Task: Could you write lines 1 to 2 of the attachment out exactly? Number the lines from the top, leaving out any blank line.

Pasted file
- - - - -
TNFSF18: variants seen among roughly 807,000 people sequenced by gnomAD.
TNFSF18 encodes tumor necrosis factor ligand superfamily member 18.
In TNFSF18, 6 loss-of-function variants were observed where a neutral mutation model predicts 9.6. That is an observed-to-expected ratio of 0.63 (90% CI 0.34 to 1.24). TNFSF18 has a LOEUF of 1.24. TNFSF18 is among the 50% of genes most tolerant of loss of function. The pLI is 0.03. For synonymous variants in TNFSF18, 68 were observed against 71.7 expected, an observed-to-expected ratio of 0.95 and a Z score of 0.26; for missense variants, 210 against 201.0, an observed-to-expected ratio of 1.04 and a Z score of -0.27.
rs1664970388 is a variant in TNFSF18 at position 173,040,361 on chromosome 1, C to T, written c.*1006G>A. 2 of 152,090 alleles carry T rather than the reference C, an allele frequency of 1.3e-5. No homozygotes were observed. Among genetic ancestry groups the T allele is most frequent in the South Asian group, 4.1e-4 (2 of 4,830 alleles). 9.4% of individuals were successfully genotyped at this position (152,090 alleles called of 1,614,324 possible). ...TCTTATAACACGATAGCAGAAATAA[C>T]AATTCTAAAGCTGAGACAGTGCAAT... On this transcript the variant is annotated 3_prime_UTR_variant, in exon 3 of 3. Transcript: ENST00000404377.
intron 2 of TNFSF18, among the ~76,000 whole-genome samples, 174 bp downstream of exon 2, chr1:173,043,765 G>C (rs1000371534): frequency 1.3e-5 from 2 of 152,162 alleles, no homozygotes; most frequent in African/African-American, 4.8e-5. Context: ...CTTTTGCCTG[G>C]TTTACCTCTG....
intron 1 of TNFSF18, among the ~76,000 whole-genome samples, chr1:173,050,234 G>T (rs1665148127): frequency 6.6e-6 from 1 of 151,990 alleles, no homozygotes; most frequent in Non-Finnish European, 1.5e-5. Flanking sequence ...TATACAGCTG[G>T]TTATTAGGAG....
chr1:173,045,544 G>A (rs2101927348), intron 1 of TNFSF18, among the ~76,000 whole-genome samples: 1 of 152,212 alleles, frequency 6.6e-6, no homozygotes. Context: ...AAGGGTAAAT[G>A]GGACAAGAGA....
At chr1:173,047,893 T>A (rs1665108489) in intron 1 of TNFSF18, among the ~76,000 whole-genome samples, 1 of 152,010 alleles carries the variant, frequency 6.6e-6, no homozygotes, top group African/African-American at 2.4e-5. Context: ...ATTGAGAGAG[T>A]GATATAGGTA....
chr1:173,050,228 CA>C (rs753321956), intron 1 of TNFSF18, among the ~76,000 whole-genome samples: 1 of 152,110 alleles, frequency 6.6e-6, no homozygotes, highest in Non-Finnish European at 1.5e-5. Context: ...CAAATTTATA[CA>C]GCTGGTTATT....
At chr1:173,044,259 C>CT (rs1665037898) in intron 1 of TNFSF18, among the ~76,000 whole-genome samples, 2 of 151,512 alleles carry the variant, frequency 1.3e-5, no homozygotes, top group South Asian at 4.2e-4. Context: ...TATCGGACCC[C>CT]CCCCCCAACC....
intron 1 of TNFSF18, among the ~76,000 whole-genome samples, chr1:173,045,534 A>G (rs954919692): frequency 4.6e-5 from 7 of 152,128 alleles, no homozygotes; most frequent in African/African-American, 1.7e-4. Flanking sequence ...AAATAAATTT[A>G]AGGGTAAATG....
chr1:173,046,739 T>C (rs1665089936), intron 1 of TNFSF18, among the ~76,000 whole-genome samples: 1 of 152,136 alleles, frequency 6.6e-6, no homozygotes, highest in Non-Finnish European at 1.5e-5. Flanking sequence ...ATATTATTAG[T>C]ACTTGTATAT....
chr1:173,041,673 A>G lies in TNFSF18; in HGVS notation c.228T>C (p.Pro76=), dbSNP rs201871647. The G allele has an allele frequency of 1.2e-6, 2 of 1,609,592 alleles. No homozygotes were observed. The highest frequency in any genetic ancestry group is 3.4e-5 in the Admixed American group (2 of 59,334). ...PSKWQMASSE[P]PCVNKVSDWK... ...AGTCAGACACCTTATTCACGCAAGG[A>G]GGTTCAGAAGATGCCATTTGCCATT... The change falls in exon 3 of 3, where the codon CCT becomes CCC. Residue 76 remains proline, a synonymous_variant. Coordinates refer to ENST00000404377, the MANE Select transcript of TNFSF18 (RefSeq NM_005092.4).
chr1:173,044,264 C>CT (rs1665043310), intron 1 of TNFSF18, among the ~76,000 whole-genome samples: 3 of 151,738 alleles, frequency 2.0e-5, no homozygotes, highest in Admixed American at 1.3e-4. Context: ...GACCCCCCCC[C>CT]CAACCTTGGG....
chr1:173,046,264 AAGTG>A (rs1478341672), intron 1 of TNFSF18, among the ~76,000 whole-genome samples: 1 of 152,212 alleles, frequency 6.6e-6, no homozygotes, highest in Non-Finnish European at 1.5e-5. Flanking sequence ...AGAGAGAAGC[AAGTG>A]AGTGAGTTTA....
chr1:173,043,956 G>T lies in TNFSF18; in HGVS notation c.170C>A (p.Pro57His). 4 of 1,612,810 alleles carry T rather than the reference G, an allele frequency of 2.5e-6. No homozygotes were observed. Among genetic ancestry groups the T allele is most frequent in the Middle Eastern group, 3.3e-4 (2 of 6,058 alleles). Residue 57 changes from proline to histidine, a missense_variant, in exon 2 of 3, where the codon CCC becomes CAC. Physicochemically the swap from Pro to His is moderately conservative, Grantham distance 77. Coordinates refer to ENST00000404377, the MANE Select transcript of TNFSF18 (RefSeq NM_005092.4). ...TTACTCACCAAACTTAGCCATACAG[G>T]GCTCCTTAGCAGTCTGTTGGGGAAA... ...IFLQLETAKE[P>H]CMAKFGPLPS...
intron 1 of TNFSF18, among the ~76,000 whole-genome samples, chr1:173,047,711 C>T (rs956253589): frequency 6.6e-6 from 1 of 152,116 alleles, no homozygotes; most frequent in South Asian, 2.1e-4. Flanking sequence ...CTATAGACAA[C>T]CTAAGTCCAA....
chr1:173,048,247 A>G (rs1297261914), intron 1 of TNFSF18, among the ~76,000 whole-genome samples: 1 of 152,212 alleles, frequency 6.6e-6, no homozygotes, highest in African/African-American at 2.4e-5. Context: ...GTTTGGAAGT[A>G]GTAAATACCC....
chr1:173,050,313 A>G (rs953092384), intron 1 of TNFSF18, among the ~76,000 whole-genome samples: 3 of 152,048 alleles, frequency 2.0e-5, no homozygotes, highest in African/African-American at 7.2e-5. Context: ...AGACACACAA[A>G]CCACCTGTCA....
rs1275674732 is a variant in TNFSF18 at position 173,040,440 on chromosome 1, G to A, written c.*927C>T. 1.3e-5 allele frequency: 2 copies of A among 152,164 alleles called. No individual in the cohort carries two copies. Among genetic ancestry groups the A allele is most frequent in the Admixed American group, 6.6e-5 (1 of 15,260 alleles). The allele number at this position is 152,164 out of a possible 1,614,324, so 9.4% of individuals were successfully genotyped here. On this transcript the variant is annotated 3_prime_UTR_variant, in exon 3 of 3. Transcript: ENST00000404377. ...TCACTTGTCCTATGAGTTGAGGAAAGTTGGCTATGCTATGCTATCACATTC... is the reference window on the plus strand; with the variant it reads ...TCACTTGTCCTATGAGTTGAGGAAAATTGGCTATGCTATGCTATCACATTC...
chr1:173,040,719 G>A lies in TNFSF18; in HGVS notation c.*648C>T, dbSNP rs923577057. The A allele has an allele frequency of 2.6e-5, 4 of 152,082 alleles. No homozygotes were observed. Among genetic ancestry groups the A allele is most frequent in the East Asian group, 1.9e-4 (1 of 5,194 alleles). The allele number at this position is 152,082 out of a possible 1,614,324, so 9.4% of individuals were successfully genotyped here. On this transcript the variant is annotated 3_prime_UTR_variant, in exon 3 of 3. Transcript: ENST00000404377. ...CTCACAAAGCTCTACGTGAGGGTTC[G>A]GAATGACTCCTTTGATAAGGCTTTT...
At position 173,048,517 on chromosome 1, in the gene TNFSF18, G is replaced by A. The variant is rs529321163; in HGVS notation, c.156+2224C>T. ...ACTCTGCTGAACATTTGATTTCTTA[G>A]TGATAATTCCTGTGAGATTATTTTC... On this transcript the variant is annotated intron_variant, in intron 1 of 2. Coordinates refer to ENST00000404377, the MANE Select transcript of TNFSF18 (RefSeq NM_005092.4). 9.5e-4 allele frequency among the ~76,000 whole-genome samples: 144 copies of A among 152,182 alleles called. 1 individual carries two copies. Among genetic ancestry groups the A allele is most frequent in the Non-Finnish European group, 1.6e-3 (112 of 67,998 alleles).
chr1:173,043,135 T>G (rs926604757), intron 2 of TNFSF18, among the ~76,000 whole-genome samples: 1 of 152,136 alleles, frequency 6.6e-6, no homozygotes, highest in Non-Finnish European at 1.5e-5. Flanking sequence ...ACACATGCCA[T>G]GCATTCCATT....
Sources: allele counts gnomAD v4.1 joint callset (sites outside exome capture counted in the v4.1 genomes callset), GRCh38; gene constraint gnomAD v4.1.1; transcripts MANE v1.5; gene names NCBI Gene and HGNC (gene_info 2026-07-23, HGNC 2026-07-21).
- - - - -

TNFSF18: variants seen among roughly 807,000 people sequenced by gnomAD.
TNFSF18 encodes tumor necrosis factor ligand superfamily member 18.